Plaintiff asserts six counts in his Complaint. He raises claims for declaratory and injunctive relief (Count I), violation of the Virginia Consumer Protection Act ("VCPA") (Count II), violation of the Fair Debt Collection Practices Act ("FDCPA") (Count III), violation of the RESPA (Count IV), fraud (Count V), and breach of contract (Count VI). He seeks $10, 000, 000.00 in damages.

         Defendants have moved to dismiss each of Plaintiffs claims.


         The well-pleaded facts contained within the Complaint both inform and constrain this Court's review of a motion to dismiss filed under Federal Rule of Civil Procedure 12(b)(6). The task at hand is to determine the sufficiency of the complaint, "not resolve contests surrounding the facts, the merits of a claim, or the applicability of defenses." Republican Party of N.C. v. Martin, 980 F.2d 943, 952 (4th Cir. 1992). In considering a motion to dismiss, plaintiffs well-pleaded allegations are taken as true and the complaint must be viewed in the light most favorable to the plaintiff. T.G. Slater & Son, Inc., 385 F.3d at 841. The Court, however, "need not accept the legal conclusions drawn from the facts, " nor must the Court "accept as true unwarranted inferences, unreasonable conclusions or arguments." Nemet Chevrolet, Ltd. v., Inc., 591 F.3d 250, 253 (4th Cir. 2009) (quoting Giarratano v. Johnson, 521 F.3d 298, 302 (4th Cir. 2008)).

         To survive Rule 12(b)(6) scrutiny, a plaintiff must provide more than merely "labels and conclusions" or a "formulaic recitation of the elements of a cause of action." BellAtl. Corp. v. Twombly, 550 U.S. 544, 555 (2007) (citations omitted). Instead, a plaintiff must allege facts sufficient "to raise a right to relief above the speculative level, " stating a claim that is "plausible on its face, " rather than merely "conceivable." Id. at 555, 570 (citations omitted). "A claim has facial plausibility when the plaintiff pleads factual content that allows the court to draw the reasonable inference that the defendant is liable for the misconduct alleged." Ashcroft v. Iqbal, 556 U.S. 662, 678 (2009) (citing Twombly, 550 U.S. at 556).

         The Court acknowledges thai pro se complaints are afforded a liberal construction. Erickson v. Pardus, 551 U.S. 89, 94 (2007); De'lonta v. Johnson, 708 F.3d 520, 524 (4th Cir. 2013). However, a pro se complaint still must "present factual allegations that 'state a claim to relief that is plausible on its face.'" Jackson v. Lightsey, 775 F.3d 170, 178 (4th Cir. 2014) (quoting Iqbal, 556 U.S. at 678). The Court need not attempt "to discern the unexpressed intent of the plaintiff." Laber v. Harvey, 438 F.3d 404, 413 n.3 (4th Cir. 2006). Nor does the requirement of liberal construction excuse a clear failure in the pleading to allege a federally cognizable claim. See Wetter v. Dep't of Soc. Servs., 901 F.2d 387, 390-91 (4th Cir. 1990). As the Fourth Circuit explained in Beaudett v. City of Hampton, "[t]hough \pro se] litigants cannot, of course, be expected to frame legal issues with the clarity and precision ideally evident in the work of those trained in law, neither can district courts be required to conjure up and decide issues never fairly presented to them." 775 F.2d 1274, 1276 (4th Cir. 1985).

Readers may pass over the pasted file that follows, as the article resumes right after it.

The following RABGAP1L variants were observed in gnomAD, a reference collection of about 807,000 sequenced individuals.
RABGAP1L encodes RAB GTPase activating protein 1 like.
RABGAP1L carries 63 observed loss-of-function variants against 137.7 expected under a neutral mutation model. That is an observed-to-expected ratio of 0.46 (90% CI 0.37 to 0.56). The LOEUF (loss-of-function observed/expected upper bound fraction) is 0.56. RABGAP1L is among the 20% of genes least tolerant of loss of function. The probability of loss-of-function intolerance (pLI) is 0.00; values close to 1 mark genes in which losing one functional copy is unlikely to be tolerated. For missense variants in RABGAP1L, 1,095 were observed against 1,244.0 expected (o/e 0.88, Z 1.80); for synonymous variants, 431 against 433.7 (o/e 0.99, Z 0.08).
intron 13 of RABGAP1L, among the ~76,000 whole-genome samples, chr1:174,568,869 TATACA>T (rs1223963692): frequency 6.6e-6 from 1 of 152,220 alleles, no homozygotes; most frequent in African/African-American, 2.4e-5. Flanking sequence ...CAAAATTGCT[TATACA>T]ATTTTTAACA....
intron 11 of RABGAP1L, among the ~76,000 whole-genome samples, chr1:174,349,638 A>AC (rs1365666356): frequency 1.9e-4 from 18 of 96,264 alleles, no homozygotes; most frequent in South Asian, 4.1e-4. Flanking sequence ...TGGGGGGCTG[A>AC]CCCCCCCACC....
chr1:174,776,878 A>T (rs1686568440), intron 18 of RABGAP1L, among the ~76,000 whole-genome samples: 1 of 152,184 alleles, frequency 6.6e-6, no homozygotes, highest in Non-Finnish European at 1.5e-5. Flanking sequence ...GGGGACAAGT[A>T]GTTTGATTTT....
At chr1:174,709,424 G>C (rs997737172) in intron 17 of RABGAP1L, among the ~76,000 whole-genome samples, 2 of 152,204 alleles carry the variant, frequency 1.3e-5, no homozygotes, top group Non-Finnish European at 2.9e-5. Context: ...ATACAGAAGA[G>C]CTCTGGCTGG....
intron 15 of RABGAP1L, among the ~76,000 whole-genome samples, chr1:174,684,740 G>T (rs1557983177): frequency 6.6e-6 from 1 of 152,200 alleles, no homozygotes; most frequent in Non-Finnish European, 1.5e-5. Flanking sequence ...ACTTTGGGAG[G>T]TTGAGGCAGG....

The Court addresses each of Plaintiff s claims in turn. As an initial matter, however, the Court notes that throughout the Complaint, Plaintiff references "class members." (See, e.g., Compl. ¶ 13.) Other than sparsely mentioning these purported "class members, " Plaintiffs Complaint lacks any factual underpinning supporting the conclusion that Plaintiff properly brings suit on a class basis in accordance with Federal Rule of Civil Procedure 23. Accordingly, the Court treats and addresses Plaintiffs claims as individual ones.[4]

         a. HAMP and PSA Violations

         While not included in his enumerated counts, Plaintiff asserts, throughout the Complaint, that Defendants failed to comply with HAMP and the operative pooling and servicing agreement ("PSA") for ...